"The military trains and trains and trains and rarely fights, whereas corrections officers fight every day, but rarely have time to train."  There is an understandable reluctance by corrections officers to use deadly force. Officers are good people and they do not want to harm or kill anyone. So, many times when a corrections officer faces a situation in which deadly force is the appropriate level of force, the officer may hesitate or seek some other lower level of force, which generally decreases their very own safety and may lead to the death or serious injury of the officer. While in some respect this decision may be admirable, the fact is the officer must survive and win the encounter, not just for his or her own well being, but for the safety of others and for the well-being of the correctional community as a whole.


To survive is defined as “to remain alive or in existence”. This is another very necessary element of your training that is often overlooked.  Regardless of how much we train, there may be circumstances in which fighting may not be our best choice. This is one of the hardest things to accept for an officer who wants to immediately control the situation... Our ego might tell us that we can take on an assaultive  inmate alone because we are in better shape or we know this great particular technique, martial art; or high percentage move but in truth, the chaotic nature of real attacks and real fighting leaves far too many variables. Sometimes the best option is to disengage or call for more assistance before it turns bad but you have to know the difference between the two options.  This disengaging option may be the best tactical move, keep you physically safe, and assist you in defending your defensive combative responses, “I tried to back away, but he kept coming at me!”


In order to test your survivability in a life threatening physical assault on you or another person, let us ask you a few questions and see what your answers are. It’s your call Can you? / May you? – use deadly force to save your life.  Remember that in a correctional institution you very well may not have the traditional weapon, i.e. a firearm to “stop the threat.”  Are you ready to take a life to save your life, a life of another staff member, or an inmate’s life?   You had better decide in advance and know what you “can” do once you decide that you “may” use deadly force.  If you ever feel that “you want to shoot someone but can’t (because you don’t have a gun), you had better have come up with some ways for the Unconventional Delivery of Deadly Force in a Correctional Facility.


1.  You and your partner are in a dayroom making a walk through.  An inmate goes berserk and stabs you partner and then turns on you.  Can you? / May you? – use deadly force to stop the inmate from stabbing you too by picking up a chair and driving the chair leg into the inmate face.


     Photograph by Gary T. Klugiewicz


 2.  Your partner is being beaten to death by three gang members.  The other officers on the shift are responding to a different disturbance.  No one is coming soon enough to help.  It’s your call.  Can you? / May you? - use deadly force by striking the first inmate multiple times in the back of the neck to stop his assault on your fellow officer.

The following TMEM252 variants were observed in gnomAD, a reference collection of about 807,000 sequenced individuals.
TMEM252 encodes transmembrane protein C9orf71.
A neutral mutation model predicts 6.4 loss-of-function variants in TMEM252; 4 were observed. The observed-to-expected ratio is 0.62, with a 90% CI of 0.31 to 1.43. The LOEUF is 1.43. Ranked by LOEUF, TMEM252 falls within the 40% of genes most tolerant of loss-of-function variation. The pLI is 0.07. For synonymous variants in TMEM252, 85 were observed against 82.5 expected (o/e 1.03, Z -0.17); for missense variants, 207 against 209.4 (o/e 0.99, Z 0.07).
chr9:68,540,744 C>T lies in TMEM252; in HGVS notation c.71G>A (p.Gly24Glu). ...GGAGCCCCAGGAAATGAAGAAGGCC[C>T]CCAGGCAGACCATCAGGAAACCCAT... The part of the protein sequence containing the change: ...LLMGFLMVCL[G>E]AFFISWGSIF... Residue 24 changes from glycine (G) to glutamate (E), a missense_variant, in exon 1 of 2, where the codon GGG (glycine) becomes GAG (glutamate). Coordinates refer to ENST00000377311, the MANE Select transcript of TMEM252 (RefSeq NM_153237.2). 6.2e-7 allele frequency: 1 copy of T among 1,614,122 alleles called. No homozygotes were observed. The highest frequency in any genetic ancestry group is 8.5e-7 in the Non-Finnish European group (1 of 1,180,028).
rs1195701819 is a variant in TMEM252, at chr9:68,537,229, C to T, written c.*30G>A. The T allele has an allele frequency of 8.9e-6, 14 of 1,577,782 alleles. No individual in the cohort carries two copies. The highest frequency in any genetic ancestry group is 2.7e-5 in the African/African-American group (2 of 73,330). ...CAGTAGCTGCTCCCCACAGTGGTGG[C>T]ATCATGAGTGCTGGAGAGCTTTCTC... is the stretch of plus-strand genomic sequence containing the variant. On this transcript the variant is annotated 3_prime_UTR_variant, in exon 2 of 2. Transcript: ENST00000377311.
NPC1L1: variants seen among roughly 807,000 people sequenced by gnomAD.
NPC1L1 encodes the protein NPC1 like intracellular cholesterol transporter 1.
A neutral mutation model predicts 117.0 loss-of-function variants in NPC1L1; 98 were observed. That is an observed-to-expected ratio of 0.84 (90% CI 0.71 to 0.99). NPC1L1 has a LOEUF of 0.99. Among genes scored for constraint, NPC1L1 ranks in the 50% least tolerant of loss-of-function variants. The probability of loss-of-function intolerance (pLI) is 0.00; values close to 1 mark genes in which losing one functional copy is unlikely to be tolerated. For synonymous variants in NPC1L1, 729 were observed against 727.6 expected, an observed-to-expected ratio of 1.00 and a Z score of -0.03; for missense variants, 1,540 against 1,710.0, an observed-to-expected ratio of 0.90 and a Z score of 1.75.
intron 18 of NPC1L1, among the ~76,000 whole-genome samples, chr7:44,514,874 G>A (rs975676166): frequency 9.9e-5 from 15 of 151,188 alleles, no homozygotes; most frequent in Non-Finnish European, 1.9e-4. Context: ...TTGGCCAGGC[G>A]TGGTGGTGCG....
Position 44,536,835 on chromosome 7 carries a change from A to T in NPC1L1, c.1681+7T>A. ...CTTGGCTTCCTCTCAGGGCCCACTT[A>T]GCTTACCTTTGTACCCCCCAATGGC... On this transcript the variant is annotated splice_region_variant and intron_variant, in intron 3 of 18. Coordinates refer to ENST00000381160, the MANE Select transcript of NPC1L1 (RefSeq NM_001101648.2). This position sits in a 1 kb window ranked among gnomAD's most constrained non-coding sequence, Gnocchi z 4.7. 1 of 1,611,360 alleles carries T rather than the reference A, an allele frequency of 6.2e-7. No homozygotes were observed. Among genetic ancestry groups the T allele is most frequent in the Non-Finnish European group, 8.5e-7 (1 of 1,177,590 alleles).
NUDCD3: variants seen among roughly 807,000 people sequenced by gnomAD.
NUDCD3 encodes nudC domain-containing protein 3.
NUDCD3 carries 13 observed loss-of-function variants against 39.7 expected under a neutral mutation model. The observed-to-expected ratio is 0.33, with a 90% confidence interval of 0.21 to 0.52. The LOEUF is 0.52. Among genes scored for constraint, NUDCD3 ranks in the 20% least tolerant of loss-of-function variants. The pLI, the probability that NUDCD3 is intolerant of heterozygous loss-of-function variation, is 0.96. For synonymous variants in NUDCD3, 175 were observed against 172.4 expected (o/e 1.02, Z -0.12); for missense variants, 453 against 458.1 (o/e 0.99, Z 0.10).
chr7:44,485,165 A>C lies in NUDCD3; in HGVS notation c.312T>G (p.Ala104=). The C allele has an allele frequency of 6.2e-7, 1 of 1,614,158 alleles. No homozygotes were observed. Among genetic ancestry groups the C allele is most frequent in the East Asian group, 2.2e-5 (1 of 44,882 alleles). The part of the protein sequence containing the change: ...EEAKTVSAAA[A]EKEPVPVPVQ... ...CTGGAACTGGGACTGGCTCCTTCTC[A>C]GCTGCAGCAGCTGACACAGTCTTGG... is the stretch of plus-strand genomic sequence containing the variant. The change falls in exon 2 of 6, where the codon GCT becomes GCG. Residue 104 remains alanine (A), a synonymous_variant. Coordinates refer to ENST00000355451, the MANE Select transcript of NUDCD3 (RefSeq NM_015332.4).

Photograph by Gary T. Klugiewicz


3.  You are escorting a couple of inmates when suddenly at the top of a staircase they assault you.  You take a couple of punches in the head and you know that you can’t hold out much longer.  No one else is coming.  You can’t even get to your radio.  You grab one of the inmates in desperation.  You spin him around so he is moving towards the staircase.  Can you? / May you – use deadly force to save your life by throwing him down the staircase before turning to deal with the other inmate.


     Photograph by Gary T. Klugiewicz


 4.  You are being choked out in a chair by a much larger and stronger assailant.  You are feeling yourself “fading to black.”  You will soon be unconscious.  No one else is coming.  It’s your call.  Can you? / May you? – use deadly force to stop this live threatening assault by stabbing the inmate in his eyes with your pen.


     Photograph by Gary T. Klugiewicz

Well what do you think?  What are your answers?  Are you prepared to survive?  Can you do what you need to do to keep yourself and others safe and ultimately alive?


If you can do what you need to do, great.  If not, you need to get your mind right.


The situations described above, may not be taught in your academies but this doesn’t mean that they can’t be justified.


These are three types of force responses that may be justified.


  1. A Trained Technique.


  1. A Dynamic Application of a Trained Technique.


  1. Not Trained but Justifiable under the Circumstances.


Obviously, when appropriate, the photos posted above are examples of the third type of justifiable technique – The Not Trained but Justifiable under the Circumstances.  These are the wild, grasping for straws, attempts by officers to keep themselves and others safe in life threatening situations when what they are taught doesn’t work, isn’t appropriate for the level of threat, or are not possible.  The question remains:  “May I do these not trained, often, extreme measures?”


You know you have talked about it among your fellow officers.  After a serious officer assault or hearing about an officer being killed, officer talk about what could have been done and if they would have done it, how could it be evaluated by administration. We have all stated that we would do this stuff but do we know when we actually may do them?  The answer is this, “It depends, on the totality of circumstances!”  Any use of force decision, including your use of deadly force, must be made within the “totality of circumstances” surrounding each specific incident the officer confronts every time.